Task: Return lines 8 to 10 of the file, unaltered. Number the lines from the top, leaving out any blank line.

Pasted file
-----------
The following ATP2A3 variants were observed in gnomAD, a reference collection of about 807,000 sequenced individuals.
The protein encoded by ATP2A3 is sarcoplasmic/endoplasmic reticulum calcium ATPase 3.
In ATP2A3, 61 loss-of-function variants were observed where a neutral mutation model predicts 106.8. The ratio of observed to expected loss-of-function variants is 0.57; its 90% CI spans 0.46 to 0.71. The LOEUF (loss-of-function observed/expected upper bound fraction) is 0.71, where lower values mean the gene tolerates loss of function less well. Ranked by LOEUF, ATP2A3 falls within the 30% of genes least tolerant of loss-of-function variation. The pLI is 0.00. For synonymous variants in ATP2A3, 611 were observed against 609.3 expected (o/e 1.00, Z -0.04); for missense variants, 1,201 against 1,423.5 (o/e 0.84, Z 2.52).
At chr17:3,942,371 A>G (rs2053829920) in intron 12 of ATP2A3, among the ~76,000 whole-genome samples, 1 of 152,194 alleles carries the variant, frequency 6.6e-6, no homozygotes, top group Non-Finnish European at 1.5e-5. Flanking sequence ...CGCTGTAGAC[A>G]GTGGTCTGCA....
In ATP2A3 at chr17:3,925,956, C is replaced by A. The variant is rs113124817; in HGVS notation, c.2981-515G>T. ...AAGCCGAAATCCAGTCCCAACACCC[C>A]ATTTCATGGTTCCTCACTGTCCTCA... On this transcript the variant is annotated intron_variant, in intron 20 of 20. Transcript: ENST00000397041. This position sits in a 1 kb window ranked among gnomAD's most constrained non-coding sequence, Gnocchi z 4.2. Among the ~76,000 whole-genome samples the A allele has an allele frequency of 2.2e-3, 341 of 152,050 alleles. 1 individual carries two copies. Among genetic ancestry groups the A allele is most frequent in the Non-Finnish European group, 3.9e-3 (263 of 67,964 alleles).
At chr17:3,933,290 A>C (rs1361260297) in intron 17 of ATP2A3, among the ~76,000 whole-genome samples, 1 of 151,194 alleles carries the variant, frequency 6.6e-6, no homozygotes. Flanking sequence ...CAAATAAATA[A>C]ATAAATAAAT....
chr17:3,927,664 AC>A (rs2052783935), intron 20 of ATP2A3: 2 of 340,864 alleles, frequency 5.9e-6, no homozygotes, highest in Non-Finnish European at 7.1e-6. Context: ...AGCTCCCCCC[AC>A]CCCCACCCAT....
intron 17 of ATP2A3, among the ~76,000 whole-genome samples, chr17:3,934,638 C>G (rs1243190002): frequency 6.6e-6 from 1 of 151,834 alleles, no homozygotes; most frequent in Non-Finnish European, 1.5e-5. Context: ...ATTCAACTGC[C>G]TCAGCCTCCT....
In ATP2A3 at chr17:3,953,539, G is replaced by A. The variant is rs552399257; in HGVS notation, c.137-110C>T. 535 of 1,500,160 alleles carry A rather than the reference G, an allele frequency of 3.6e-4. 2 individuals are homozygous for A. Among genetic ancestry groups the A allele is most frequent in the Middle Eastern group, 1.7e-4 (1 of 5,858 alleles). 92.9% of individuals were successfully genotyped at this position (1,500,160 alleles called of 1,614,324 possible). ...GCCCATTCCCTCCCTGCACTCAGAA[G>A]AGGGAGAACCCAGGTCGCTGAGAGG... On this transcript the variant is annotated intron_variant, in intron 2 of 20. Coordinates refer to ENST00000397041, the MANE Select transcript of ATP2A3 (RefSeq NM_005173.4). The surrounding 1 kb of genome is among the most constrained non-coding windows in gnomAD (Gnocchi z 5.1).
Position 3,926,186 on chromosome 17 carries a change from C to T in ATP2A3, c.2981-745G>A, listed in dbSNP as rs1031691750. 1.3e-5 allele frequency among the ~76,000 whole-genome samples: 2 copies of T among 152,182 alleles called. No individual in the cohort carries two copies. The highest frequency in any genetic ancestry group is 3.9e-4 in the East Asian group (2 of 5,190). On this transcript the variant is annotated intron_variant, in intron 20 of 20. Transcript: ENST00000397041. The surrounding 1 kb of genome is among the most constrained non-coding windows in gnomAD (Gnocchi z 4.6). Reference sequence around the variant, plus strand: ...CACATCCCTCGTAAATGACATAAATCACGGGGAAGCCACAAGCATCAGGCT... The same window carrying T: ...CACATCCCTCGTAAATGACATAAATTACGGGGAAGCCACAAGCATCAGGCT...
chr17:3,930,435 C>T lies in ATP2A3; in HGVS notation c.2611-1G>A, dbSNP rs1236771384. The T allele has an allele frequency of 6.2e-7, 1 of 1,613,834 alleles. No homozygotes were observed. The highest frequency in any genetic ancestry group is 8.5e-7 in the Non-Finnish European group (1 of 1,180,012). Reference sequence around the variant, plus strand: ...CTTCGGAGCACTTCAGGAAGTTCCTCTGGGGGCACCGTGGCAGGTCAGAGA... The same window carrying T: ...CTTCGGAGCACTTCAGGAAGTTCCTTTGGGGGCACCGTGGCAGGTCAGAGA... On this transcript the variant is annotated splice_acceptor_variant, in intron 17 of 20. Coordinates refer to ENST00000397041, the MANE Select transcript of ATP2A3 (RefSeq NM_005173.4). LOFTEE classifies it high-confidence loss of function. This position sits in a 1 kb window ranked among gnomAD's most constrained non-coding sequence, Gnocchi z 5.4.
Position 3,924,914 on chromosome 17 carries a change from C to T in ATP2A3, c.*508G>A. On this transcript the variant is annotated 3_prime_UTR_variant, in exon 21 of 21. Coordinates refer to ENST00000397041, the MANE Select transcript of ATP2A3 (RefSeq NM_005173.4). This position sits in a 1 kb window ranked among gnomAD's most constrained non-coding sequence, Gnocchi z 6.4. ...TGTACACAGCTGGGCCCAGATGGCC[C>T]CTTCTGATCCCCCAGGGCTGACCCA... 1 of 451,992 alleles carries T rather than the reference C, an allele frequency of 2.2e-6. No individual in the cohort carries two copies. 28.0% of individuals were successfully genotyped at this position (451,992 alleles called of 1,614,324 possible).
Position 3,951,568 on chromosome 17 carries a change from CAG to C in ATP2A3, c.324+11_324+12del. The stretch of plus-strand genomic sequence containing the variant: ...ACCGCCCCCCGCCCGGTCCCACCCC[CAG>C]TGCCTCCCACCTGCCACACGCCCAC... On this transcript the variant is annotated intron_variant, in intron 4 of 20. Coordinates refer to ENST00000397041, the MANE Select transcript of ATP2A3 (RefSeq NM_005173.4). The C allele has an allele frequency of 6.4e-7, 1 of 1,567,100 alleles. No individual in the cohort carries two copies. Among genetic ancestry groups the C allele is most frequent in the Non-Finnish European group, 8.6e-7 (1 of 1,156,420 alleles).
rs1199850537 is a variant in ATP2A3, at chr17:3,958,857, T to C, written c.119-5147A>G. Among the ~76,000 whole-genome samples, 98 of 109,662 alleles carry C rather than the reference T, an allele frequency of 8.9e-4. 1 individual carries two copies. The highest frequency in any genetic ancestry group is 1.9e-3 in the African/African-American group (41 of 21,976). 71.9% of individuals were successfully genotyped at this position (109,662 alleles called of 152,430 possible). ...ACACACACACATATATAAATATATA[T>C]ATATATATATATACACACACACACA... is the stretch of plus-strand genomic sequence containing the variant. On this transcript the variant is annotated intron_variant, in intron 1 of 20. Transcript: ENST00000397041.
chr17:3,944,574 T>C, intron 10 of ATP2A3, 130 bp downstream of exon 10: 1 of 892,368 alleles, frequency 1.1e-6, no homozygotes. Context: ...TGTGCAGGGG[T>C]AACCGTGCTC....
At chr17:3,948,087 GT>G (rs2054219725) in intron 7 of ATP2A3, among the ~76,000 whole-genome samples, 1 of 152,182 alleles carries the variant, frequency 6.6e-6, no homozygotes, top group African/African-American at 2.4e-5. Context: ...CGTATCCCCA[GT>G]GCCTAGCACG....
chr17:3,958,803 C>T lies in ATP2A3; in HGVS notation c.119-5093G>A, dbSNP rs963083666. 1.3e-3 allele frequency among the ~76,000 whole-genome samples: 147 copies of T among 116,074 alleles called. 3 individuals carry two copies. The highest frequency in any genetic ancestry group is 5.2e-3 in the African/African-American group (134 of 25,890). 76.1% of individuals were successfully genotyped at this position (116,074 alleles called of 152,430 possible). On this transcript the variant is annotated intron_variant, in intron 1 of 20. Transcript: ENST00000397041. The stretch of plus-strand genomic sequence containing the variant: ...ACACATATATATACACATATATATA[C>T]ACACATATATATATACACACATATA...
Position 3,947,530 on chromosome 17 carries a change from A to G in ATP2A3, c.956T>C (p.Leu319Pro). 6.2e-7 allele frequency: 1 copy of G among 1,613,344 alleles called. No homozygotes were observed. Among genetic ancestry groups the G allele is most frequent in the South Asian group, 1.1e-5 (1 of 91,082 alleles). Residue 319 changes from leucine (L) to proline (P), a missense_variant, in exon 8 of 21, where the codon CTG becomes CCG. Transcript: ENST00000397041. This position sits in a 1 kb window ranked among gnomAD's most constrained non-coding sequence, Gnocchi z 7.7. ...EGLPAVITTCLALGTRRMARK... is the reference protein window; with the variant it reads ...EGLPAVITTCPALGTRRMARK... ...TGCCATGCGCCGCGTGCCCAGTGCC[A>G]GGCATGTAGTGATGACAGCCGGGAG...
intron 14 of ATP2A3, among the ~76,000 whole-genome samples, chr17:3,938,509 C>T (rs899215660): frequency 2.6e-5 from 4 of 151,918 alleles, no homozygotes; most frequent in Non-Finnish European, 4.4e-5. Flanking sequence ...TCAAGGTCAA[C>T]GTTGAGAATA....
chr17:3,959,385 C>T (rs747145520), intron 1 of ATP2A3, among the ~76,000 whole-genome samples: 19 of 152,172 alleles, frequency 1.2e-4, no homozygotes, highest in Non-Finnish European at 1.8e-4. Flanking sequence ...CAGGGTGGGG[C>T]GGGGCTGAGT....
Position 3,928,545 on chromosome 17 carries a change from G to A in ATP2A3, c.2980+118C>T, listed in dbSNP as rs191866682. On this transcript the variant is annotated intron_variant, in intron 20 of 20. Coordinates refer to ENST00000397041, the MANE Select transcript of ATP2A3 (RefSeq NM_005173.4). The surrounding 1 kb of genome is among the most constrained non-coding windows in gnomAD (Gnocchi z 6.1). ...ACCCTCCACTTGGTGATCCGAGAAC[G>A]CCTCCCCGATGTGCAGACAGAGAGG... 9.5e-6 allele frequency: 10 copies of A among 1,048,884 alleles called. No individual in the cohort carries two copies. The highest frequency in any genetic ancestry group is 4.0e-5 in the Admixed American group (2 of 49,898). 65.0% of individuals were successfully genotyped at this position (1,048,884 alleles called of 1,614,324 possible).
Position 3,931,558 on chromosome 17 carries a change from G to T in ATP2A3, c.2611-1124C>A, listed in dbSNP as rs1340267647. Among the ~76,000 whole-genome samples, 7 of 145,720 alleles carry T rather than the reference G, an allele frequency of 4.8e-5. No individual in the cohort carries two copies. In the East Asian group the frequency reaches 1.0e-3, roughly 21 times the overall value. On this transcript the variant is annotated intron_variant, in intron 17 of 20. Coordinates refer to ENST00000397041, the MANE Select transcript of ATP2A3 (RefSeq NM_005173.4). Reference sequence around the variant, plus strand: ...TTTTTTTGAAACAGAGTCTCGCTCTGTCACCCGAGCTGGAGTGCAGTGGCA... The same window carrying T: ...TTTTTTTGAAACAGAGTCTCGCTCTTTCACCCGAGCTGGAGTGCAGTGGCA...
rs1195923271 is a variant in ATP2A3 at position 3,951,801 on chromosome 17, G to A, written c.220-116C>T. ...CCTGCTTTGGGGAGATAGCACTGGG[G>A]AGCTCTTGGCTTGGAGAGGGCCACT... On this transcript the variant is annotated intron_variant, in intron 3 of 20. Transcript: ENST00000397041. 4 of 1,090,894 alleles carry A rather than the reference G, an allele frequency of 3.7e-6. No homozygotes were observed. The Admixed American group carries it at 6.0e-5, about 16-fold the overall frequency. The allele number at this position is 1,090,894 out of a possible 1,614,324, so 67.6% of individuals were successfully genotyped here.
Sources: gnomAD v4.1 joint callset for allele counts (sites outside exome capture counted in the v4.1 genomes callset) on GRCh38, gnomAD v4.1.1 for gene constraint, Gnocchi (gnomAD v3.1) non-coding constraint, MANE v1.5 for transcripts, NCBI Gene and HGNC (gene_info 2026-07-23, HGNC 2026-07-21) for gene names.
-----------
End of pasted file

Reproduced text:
intron 17 of ATP2A3, among the ~76,000 whole-genome samples, chr17:3,934,638 C>G (rs1243190002): frequency 6.6e-6 from 1 of 151,834 alleles, no homozygotes; most frequent in Non-Finnish European, 1.5e-5. Context: ...ATTCAACTGC[C>G]TCAGCCTCCT....
In ATP2A3 at chr17:3,953,539, G is replaced by A. The variant is rs552399257; in HGVS notation, c.137-110C>T. 535 of 1,500,160 alleles carry A rather than the reference G, an allele frequency of 3.6e-4. 2 individuals are homozygous for A. Among genetic ancestry groups the A allele is most frequent in the Middle Eastern group, 1.7e-4 (1 of 5,858 alleles). 92.9% of individuals were successfully genotyped at this position (1,500,160 alleles called of 1,614,324 possible). ...GCCCATTCCCTCCCTGCACTCAGAA[G>A]AGGGAGAACCCAGGTCGCTGAGAGG... On this transcript the variant is annotated intron_variant, in intron 2 of 20. Coordinates refer to ENST00000397041, the MANE Select transcript of ATP2A3 (RefSeq NM_005173.4). The surrounding 1 kb of genome is among the most constrained non-coding windows in gnomAD (Gnocchi z 5.1).
Position 3,926,186 on chromosome 17 carries a change from C to T in ATP2A3, c.2981-745G>A, listed in dbSNP as rs1031691750. 1.3e-5 allele frequency among the ~76,000 whole-genome samples: 2 copies of T among 152,182 alleles called. No individual in the cohort carries two copies. The highest frequency in any genetic ancestry group is 3.9e-4 in the East Asian group (2 of 5,190). On this transcript the variant is annotated intron_variant, in intron 20 of 20. Transcript: ENST00000397041. The surrounding 1 kb of genome is among the most constrained non-coding windows in gnomAD (Gnocchi z 4.6). Reference sequence around the variant, plus strand: ...CACATCCCTCGTAAATGACATAAATCACGGGGAAGCCACAAGCATCAGGCT... The same window carrying T: ...CACATCCCTCGTAAATGACATAAATTACGGGGAAGCCACAAGCATCAGGCT...